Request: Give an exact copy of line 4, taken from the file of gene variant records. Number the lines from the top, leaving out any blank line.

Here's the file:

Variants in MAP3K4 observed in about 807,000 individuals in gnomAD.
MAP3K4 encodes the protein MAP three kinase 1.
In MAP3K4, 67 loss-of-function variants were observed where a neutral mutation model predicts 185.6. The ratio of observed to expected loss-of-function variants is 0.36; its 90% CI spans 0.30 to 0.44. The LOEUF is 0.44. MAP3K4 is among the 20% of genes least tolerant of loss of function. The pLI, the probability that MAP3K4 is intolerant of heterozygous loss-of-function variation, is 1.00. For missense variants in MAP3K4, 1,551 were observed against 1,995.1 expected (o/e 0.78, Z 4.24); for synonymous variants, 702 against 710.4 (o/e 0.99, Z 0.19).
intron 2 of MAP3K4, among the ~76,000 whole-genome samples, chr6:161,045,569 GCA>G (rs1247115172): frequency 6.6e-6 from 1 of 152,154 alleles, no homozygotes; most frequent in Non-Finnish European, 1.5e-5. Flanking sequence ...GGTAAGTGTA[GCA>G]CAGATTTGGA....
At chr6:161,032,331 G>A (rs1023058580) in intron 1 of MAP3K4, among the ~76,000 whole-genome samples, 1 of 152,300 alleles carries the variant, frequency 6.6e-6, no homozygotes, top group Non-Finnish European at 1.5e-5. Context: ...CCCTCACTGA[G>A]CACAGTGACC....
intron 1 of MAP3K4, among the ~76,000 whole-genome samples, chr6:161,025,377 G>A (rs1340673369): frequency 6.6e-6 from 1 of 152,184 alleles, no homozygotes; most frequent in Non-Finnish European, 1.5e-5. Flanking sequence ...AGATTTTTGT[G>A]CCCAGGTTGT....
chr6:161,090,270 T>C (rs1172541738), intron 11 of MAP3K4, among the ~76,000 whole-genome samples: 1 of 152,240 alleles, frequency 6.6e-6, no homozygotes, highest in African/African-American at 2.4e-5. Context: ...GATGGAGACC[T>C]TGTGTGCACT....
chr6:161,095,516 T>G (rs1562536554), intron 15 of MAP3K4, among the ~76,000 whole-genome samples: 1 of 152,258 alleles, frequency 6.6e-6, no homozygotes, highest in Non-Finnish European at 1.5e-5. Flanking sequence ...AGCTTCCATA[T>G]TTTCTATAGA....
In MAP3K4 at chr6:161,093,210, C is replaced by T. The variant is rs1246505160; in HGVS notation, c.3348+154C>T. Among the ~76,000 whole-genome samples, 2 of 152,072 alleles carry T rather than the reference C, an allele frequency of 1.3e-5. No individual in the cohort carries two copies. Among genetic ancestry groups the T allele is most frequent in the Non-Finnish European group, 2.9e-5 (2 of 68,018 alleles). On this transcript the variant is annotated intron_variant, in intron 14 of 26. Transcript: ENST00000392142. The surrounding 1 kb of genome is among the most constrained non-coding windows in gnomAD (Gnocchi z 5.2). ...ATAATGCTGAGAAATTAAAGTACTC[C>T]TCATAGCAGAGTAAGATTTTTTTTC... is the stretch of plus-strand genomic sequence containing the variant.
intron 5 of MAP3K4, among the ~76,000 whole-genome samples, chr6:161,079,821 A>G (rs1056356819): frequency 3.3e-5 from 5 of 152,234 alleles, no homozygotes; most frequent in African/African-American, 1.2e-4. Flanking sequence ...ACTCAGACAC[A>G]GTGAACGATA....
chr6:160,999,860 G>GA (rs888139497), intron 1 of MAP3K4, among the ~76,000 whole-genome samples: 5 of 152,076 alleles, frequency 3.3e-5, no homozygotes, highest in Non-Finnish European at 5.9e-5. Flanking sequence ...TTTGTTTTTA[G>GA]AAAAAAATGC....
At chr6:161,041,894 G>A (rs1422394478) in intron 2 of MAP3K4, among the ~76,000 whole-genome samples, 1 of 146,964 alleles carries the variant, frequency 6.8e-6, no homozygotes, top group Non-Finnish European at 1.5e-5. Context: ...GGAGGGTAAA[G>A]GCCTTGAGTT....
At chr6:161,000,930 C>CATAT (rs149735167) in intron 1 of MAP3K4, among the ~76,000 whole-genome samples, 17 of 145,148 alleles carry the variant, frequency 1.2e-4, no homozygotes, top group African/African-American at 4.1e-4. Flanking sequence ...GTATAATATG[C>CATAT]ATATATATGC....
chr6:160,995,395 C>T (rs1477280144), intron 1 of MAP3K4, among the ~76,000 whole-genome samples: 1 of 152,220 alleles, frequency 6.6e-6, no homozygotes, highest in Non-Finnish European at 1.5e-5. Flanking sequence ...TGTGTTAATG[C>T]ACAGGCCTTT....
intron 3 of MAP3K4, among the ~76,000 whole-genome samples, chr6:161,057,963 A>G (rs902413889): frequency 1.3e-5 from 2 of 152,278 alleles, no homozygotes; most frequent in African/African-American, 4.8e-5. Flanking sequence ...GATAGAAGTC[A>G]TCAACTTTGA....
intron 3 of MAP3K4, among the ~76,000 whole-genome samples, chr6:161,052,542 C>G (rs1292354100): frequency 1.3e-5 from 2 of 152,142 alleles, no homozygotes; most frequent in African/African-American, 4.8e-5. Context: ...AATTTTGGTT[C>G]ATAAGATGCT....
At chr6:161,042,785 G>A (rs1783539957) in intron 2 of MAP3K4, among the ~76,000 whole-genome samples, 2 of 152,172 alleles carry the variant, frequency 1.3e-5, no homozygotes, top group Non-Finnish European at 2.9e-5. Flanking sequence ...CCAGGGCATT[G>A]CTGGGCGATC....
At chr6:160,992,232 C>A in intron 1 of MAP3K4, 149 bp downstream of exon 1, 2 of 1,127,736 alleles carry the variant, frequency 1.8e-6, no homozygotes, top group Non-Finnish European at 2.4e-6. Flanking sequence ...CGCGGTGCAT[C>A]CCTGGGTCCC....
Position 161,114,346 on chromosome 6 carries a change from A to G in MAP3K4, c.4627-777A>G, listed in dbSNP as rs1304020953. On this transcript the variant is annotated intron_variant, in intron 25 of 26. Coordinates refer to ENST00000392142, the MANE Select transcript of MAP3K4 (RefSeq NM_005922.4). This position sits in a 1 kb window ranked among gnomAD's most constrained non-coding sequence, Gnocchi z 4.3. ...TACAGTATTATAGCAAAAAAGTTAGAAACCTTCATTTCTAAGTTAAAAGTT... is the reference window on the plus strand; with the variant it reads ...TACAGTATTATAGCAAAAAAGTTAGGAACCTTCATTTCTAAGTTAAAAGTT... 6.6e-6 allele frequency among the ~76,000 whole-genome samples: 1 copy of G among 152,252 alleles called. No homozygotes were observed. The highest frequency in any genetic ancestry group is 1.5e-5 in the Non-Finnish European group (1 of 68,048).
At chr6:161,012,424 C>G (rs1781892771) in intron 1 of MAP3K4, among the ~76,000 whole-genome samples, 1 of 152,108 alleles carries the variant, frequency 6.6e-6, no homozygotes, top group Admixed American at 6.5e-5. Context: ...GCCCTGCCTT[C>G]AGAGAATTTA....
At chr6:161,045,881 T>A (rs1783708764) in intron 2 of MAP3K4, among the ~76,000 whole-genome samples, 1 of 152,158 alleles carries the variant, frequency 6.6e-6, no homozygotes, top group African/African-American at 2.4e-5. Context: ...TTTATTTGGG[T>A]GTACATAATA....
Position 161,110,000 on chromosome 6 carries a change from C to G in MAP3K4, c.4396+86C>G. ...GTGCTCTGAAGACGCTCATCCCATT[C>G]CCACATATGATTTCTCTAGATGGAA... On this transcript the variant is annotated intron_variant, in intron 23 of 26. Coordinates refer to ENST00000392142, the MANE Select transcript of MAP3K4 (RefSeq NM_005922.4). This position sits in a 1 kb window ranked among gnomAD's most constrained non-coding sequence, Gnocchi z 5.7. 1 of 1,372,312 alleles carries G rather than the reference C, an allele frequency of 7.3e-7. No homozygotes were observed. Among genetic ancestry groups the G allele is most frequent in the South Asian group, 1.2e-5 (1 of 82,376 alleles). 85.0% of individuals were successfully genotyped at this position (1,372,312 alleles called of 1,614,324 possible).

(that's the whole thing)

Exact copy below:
intron 2 of MAP3K4, among the ~76,000 whole-genome samples, chr6:161,045,569 GCA>G (rs1247115172): frequency 6.6e-6 from 1 of 152,154 alleles, no homozygotes; most frequent in Non-Finnish European, 1.5e-5. Flanking sequence ...GGTAAGTGTA[GCA>G]CAGATTTGGA....